Has God given up on us and retreated to heaven? Or perhaps he has made peace with the new republic, made compromises, focused on things in common – perhaps God has even blessed the authorities of the earth and the spiritual powers behind them, as reserves his judgement for the conservatives still clinging to the outdated idea of a kingdom? Psalm 2 is clear that this is not the case, and explains what will happen in the end, as does Jesus in many of his parables. The owner of the vineyard, the master of the house, the King will return with wrath and power, to destroy evil, punish rebels, and fully re-establish his perfect rule.

That is the final, visible Advent. But before that there are others, often small, often unseen, unspectacular, even secret, seen only with the eyes of faith. Supremely, Christ is born as a baby, weak, vulnerable, as C.S.Lewis said, into “enemy-occupied territory”, like a capsule arriving from outer space and landing on the rebel-held planet. But there is also the advent of the Spirit in the life of believers, creating the Church. And the advent of the Gospel and the Church into every community around the world, as the nations become the inheritance of Christ, not by violence, but by infiltration into the republic by the secret agents of the Kingdom.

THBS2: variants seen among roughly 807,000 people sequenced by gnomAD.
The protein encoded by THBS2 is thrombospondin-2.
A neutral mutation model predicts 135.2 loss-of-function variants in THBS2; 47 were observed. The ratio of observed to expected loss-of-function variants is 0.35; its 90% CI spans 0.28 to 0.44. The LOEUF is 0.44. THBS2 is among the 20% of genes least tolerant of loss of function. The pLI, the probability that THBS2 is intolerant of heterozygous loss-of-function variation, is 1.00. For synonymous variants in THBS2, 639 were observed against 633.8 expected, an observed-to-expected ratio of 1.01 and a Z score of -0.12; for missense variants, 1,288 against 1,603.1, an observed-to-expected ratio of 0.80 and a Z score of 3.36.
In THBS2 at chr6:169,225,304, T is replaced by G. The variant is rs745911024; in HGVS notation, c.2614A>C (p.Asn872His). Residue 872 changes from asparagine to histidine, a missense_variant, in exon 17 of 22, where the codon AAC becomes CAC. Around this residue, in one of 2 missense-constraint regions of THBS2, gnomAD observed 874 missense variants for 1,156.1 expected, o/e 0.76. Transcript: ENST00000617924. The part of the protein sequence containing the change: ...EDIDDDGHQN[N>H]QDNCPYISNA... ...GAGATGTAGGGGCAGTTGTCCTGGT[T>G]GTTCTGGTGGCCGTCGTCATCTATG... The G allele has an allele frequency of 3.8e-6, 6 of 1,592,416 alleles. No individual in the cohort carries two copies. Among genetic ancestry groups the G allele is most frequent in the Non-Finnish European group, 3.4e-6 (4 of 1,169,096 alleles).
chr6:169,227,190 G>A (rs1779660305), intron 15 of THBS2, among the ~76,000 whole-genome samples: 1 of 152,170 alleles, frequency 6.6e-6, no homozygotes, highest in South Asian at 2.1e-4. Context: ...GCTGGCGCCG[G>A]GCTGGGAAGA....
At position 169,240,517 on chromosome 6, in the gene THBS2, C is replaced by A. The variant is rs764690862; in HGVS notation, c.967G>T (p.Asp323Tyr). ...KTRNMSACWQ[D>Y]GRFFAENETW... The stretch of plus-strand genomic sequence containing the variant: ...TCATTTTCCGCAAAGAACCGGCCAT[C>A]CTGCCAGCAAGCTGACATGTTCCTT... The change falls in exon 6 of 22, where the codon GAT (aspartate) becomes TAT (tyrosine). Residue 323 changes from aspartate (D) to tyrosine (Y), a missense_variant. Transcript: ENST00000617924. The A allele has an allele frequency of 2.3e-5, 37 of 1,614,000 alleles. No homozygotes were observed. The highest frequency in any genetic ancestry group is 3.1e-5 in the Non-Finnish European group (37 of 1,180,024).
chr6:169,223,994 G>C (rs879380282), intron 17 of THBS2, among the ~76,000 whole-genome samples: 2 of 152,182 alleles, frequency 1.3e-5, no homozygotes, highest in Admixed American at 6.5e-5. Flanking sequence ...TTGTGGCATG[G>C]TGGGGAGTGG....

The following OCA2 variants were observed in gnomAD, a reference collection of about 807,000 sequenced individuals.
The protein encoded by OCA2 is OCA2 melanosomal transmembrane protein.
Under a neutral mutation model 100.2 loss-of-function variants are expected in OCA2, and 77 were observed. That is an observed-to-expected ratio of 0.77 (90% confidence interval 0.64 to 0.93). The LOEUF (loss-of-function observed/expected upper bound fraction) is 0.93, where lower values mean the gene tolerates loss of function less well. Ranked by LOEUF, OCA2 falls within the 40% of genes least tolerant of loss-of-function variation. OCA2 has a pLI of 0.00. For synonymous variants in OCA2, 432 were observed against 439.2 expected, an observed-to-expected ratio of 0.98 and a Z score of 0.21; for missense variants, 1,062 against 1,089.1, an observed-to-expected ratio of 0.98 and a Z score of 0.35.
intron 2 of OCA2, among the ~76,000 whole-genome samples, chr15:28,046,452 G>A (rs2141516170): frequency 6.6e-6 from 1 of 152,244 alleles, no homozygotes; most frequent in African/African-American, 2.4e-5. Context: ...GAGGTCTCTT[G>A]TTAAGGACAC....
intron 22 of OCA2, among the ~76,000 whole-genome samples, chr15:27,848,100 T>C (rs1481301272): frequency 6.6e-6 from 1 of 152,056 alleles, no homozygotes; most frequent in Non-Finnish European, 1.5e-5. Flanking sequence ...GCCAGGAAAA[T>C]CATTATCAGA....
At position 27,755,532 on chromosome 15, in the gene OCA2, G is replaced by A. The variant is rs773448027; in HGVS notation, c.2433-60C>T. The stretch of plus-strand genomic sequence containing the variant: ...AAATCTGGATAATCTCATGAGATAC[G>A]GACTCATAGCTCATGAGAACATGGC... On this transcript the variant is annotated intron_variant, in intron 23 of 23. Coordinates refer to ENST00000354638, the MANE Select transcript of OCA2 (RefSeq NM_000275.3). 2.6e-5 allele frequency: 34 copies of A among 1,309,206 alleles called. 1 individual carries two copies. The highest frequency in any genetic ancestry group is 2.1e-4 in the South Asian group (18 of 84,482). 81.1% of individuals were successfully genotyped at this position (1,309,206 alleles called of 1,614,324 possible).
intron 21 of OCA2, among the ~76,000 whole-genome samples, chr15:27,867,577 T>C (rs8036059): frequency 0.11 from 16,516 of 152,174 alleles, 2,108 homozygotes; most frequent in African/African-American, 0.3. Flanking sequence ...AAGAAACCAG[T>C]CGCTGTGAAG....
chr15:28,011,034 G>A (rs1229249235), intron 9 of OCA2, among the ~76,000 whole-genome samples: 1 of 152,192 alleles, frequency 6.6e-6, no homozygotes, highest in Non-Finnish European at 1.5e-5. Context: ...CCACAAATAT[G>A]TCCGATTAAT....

Often in human history this results in hearts renouncing allegiance to the republic and turning back to the Kingdom. This is conversion, as we receive a full pardon for our rebellion through the self-sacrificial ministry of the King himself. The results are seen not just in growing churches, but communities and even nations transformed, embracing the values of God’s rule which are reflected in laws and customs, even if not every individual acknowledges the King.


But sadly, it sometimes works the other way. As the Bible shows in excoriating detail with the kingdoms of Israel and Judah, human systems of government and religion set up to reflect and promote the rule of God can become corrupt, maintaining the form and language of the Kingdom but transferring spiritual allegiance to the republic. The surrounding culture just seems too powerful, its promises too alluring, its apparent prosperity too tempting, the consequences of non-compliance too uncomfortable. The result is that the leaders and the people pray with their lips “thy Kingdom come” but believe in their hearts and preach the worldviews and ideologies of those who do not acknowledge the true God and his rightful authority.